The greatest air of imbalance came from the villains of the movie, the Paymon family. Now I’ve seen enough satanic movies to be a bit tired with it all, but damn if these people didn’t frighten the shit out of me. The lengths they were willing to go to was terrifying, mostly because they presented their insanity through self-mutilation. Props to the make-up department for creating the most disturbing facial cuts that I have seen in a while. The acting of the members of the Paymon family was the standard preaching Manson family wannabe fare, but I wasn’t focused on what they were saying. I was focused on their faces, their expressions, and the horrible way in which they crawled on the floor. The gore in Last Shift is its greatest strength, due to its tendency to be simultaneously creative and cover-your-eyes disgusting. There was one scene where I had to look away from the creature onscreen because I didn’t want that image burned into my brain. Luckily, I had a bunch of Glasgow smiles burned into my brain instead.
I only disliked the ending of the movie, which I felt added a “fake-out” element that the movie didn’t need. Either go with the supernatural or go with the psychological, but don’t switch at the end! It’s cheap, it’s everywhere, and it needs to stop. Besides that, I thought that Last Shift was a thrill to watch, and while I wouldn’t want to live through the experience again (those mutilated faces will live in my mind forever), I do recommend it for anyone who is a fan of nifty little horrors on Netflix. It’s definitely one of the best horror films I’ve found on that site.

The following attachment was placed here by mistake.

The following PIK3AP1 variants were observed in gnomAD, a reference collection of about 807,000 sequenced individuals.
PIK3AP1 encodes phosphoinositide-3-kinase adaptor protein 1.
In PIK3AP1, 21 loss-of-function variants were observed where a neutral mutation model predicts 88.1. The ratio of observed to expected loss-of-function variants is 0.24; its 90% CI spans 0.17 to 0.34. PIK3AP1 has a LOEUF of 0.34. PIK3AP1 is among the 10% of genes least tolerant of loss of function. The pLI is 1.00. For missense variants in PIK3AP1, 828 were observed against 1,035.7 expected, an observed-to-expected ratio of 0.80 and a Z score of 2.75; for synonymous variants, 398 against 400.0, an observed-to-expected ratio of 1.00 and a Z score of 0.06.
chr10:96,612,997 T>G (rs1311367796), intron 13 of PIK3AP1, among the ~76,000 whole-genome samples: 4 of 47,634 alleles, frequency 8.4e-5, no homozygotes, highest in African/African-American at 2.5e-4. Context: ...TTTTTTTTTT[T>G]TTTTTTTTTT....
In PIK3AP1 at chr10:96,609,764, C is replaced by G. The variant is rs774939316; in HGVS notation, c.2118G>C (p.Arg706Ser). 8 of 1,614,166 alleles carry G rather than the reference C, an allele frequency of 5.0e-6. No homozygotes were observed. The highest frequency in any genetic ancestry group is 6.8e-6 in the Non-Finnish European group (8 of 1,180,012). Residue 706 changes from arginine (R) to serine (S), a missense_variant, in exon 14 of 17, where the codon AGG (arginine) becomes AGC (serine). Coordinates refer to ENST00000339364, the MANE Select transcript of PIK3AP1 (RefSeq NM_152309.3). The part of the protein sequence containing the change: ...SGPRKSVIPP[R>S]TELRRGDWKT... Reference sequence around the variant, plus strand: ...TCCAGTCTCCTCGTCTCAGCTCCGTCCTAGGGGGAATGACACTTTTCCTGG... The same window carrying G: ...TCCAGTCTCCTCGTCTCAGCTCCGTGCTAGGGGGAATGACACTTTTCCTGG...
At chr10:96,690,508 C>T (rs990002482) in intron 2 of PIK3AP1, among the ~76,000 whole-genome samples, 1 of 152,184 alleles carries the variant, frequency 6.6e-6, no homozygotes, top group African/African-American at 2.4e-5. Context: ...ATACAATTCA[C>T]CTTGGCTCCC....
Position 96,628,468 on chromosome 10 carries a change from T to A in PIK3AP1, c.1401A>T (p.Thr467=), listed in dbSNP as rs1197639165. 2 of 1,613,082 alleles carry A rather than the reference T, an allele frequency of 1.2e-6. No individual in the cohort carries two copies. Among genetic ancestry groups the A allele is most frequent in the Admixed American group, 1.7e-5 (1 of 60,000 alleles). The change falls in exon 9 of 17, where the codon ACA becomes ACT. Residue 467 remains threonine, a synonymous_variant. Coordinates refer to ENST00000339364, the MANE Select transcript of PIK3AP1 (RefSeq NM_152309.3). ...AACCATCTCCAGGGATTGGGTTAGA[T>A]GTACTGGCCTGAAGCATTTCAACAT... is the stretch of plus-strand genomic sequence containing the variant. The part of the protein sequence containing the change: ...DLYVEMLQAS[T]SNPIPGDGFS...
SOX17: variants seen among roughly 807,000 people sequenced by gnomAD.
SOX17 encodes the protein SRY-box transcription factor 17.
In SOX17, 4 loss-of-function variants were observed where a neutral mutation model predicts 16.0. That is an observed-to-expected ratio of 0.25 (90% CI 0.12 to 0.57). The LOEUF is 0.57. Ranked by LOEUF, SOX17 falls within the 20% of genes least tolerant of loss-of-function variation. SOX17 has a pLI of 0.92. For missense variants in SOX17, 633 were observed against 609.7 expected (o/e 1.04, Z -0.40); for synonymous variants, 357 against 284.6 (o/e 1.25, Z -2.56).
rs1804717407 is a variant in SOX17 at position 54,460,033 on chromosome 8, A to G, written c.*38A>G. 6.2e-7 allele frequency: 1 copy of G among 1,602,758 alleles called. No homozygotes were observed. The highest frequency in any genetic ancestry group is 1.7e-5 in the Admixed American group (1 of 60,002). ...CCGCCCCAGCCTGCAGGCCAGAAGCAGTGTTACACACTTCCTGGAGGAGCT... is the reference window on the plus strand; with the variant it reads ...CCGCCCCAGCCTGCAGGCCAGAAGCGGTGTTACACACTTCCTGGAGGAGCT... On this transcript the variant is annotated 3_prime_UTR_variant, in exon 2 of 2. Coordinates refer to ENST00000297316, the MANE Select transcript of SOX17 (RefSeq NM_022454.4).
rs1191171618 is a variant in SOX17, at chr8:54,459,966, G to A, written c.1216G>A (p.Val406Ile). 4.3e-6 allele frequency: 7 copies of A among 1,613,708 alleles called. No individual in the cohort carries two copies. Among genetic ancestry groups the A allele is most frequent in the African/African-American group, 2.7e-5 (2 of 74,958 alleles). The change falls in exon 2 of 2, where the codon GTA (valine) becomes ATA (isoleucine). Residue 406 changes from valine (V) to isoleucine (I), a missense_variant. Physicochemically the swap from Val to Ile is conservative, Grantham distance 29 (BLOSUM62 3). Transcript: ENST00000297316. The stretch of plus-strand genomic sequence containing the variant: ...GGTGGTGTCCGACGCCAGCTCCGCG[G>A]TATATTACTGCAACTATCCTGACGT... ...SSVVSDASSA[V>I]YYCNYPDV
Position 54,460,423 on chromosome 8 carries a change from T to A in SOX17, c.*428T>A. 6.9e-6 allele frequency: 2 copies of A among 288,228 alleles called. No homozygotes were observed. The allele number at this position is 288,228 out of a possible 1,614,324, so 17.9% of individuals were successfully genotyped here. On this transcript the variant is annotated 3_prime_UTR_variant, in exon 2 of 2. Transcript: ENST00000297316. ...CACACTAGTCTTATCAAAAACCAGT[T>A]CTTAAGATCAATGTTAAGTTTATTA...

Final Consensus: Last Shift uses every last inch of its tiny world to great effect. The scares are plenty, the gore a little too gory, and the plot strong, if too twisty. The Last Shift piles on more than it needs to reach maximum scariness, but when it comes to horror movies, too much horror is far, far better than not enough.